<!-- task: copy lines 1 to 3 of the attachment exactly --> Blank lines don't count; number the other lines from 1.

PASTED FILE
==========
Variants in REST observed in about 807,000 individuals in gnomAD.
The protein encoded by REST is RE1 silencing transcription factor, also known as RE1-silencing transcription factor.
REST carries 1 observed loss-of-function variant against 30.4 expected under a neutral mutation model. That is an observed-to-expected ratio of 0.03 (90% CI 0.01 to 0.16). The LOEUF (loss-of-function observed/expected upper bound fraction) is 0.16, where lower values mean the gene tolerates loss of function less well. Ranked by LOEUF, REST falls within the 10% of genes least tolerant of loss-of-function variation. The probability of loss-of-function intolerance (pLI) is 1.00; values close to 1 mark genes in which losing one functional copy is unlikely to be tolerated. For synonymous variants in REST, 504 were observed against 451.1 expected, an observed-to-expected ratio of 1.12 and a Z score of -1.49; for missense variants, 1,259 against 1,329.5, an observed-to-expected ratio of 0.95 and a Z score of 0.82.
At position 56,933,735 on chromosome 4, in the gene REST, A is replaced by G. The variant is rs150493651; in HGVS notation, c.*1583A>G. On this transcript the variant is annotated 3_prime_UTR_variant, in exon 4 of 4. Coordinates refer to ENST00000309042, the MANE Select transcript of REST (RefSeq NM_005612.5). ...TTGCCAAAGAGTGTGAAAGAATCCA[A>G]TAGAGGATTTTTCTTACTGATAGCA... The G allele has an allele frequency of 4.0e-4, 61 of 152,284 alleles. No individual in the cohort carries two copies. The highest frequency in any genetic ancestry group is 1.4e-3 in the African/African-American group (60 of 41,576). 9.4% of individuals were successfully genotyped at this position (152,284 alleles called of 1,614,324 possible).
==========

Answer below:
Variants in REST observed in about 807,000 individuals in gnomAD.
The protein encoded by REST is RE1 silencing transcription factor, also known as RE1-silencing transcription factor.
REST carries 1 observed loss-of-function variant against 30.4 expected under a neutral mutation model. That is an observed-to-expected ratio of 0.03 (90% CI 0.01 to 0.16). The LOEUF (loss-of-function observed/expected upper bound fraction) is 0.16, where lower values mean the gene tolerates loss of function less well. Ranked by LOEUF, REST falls within the 10% of genes least tolerant of loss-of-function variation. The probability of loss-of-function intolerance (pLI) is 1.00; values close to 1 mark genes in which losing one functional copy is unlikely to be tolerated. For synonymous variants in REST, 504 were observed against 451.1 expected, an observed-to-expected ratio of 1.12 and a Z score of -1.49; for missense variants, 1,259 against 1,329.5, an observed-to-expected ratio of 0.95 and a Z score of 0.82.